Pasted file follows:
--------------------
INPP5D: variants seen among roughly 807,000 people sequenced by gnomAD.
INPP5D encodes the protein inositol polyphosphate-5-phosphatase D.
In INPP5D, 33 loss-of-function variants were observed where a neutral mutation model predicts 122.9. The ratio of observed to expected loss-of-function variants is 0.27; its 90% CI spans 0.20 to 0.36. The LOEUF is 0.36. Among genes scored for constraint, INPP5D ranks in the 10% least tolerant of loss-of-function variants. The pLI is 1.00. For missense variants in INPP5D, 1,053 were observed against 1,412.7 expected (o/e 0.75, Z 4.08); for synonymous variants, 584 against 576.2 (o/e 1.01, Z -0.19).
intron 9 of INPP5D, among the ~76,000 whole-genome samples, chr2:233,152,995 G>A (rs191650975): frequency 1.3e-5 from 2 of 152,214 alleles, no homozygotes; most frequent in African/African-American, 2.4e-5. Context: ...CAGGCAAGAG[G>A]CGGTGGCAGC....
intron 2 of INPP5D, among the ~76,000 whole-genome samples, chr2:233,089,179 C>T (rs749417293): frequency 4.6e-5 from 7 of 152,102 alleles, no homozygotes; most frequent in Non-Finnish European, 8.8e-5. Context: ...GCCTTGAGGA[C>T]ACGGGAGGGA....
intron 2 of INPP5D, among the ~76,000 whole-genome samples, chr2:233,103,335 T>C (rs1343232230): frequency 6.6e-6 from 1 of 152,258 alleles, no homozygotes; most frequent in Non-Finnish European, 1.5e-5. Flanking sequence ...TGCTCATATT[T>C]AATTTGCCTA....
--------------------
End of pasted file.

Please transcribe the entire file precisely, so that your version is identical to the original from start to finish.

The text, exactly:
INPP5D: variants seen among roughly 807,000 people sequenced by gnomAD.
INPP5D encodes the protein inositol polyphosphate-5-phosphatase D.
In INPP5D, 33 loss-of-function variants were observed where a neutral mutation model predicts 122.9. The ratio of observed to expected loss-of-function variants is 0.27; its 90% CI spans 0.20 to 0.36. The LOEUF is 0.36. Among genes scored for constraint, INPP5D ranks in the 10% least tolerant of loss-of-function variants. The pLI is 1.00. For missense variants in INPP5D, 1,053 were observed against 1,412.7 expected (o/e 0.75, Z 4.08); for synonymous variants, 584 against 576.2 (o/e 1.01, Z -0.19).
intron 9 of INPP5D, among the ~76,000 whole-genome samples, chr2:233,152,995 G>A (rs191650975): frequency 1.3e-5 from 2 of 152,214 alleles, no homozygotes; most frequent in African/African-American, 2.4e-5. Context: ...CAGGCAAGAG[G>A]CGGTGGCAGC....
intron 2 of INPP5D, among the ~76,000 whole-genome samples, chr2:233,089,179 C>T (rs749417293): frequency 4.6e-5 from 7 of 152,102 alleles, no homozygotes; most frequent in Non-Finnish European, 8.8e-5. Context: ...GCCTTGAGGA[C>T]ACGGGAGGGA....
intron 2 of INPP5D, among the ~76,000 whole-genome samples, chr2:233,103,335 T>C (rs1343232230): frequency 6.6e-6 from 1 of 152,258 alleles, no homozygotes; most frequent in Non-Finnish European, 1.5e-5. Flanking sequence ...TGCTCATATT[T>C]AATTTGCCTA....